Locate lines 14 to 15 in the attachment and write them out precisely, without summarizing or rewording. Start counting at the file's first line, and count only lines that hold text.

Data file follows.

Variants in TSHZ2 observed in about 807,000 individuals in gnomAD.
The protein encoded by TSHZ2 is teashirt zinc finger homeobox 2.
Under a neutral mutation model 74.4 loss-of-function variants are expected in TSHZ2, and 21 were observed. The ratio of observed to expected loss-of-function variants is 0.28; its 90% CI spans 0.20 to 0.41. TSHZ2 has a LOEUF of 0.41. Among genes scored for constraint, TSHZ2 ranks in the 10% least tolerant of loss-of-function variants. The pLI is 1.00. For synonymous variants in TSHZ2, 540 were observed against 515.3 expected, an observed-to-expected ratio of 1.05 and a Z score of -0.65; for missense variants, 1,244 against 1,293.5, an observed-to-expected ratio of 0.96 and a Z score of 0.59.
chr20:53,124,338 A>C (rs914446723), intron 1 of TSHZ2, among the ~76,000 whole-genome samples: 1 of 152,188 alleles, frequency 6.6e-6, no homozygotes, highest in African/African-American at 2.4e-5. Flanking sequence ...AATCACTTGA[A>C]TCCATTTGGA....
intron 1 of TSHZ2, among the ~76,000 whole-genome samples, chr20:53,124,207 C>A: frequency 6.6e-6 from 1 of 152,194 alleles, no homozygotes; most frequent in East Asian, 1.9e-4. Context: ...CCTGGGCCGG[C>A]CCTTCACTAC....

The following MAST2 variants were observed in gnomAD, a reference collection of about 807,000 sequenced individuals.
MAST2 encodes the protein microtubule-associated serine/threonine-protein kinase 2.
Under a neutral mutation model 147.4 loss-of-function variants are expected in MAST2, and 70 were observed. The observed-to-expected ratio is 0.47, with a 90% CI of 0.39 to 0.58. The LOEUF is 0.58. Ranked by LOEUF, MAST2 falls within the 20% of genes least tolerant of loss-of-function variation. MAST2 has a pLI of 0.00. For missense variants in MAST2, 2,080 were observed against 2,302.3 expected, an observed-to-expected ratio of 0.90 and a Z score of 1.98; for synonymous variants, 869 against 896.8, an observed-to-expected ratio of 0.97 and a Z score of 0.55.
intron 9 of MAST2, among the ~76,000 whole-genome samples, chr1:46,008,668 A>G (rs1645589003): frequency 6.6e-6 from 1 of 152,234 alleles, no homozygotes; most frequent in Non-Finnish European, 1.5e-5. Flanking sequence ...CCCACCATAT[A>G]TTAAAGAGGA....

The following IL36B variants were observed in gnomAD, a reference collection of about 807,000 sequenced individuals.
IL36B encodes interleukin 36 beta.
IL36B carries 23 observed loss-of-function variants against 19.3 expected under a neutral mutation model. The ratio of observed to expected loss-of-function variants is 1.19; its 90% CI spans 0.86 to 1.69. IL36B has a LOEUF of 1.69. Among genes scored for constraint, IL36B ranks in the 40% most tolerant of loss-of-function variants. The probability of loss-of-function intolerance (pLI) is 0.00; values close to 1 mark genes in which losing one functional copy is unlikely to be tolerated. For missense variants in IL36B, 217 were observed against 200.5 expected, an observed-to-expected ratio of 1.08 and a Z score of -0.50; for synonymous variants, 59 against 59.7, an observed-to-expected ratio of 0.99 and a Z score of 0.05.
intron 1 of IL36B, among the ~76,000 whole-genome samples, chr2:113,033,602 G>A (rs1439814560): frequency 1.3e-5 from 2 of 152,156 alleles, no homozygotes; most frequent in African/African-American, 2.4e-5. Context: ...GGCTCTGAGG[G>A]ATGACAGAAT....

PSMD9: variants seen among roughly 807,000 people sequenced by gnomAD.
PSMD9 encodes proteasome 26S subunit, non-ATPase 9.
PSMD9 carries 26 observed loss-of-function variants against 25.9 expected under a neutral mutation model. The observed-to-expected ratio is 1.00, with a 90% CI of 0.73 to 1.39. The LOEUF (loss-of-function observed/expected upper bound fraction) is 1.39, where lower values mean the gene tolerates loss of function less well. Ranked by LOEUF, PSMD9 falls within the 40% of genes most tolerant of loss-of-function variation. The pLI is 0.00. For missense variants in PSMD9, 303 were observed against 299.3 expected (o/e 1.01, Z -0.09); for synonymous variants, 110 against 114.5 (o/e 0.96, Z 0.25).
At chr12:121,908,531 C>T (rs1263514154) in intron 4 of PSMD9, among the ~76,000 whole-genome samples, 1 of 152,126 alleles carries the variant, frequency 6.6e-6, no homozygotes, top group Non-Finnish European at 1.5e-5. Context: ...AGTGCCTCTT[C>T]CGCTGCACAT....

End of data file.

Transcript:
PSMD9: variants seen among roughly 807,000 people sequenced by gnomAD.
PSMD9 encodes proteasome 26S subunit, non-ATPase 9.